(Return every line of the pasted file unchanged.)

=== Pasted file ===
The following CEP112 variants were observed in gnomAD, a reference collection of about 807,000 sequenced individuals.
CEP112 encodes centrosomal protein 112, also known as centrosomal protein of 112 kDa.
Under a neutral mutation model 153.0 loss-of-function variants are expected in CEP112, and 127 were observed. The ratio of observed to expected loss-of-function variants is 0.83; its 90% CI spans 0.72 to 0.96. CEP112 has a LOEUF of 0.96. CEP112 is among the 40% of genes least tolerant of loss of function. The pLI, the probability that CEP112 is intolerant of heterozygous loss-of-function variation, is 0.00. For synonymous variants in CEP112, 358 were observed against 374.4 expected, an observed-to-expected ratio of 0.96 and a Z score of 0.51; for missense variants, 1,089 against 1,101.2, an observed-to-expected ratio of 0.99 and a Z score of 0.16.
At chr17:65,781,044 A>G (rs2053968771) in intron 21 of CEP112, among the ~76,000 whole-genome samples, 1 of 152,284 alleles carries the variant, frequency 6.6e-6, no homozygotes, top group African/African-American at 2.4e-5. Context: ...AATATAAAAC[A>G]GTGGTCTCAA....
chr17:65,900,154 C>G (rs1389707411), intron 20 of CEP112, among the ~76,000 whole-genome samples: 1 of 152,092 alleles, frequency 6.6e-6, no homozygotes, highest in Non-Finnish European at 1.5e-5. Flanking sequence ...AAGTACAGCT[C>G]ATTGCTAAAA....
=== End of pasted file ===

The following CEP112 variants were observed in gnomAD, a reference collection of about 807,000 sequenced individuals.
CEP112 encodes centrosomal protein 112, also known as centrosomal protein of 112 kDa.
Under a neutral mutation model 153.0 loss-of-function variants are expected in CEP112, and 127 were observed. The ratio of observed to expected loss-of-function variants is 0.83; its 90% CI spans 0.72 to 0.96. CEP112 has a LOEUF of 0.96. CEP112 is among the 40% of genes least tolerant of loss of function. The pLI, the probability that CEP112 is intolerant of heterozygous loss-of-function variation, is 0.00. For synonymous variants in CEP112, 358 were observed against 374.4 expected, an observed-to-expected ratio of 0.96 and a Z score of 0.51; for missense variants, 1,089 against 1,101.2, an observed-to-expected ratio of 0.99 and a Z score of 0.16.
At chr17:65,781,044 A>G (rs2053968771) in intron 21 of CEP112, among the ~76,000 whole-genome samples, 1 of 152,284 alleles carries the variant, frequency 6.6e-6, no homozygotes, top group African/African-American at 2.4e-5. Context: ...AATATAAAAC[A>G]GTGGTCTCAA....
chr17:65,900,154 C>G (rs1389707411), intron 20 of CEP112, among the ~76,000 whole-genome samples: 1 of 152,092 alleles, frequency 6.6e-6, no homozygotes, highest in Non-Finnish European at 1.5e-5. Flanking sequence ...AAGTACAGCT[C>G]ATTGCTAAAA....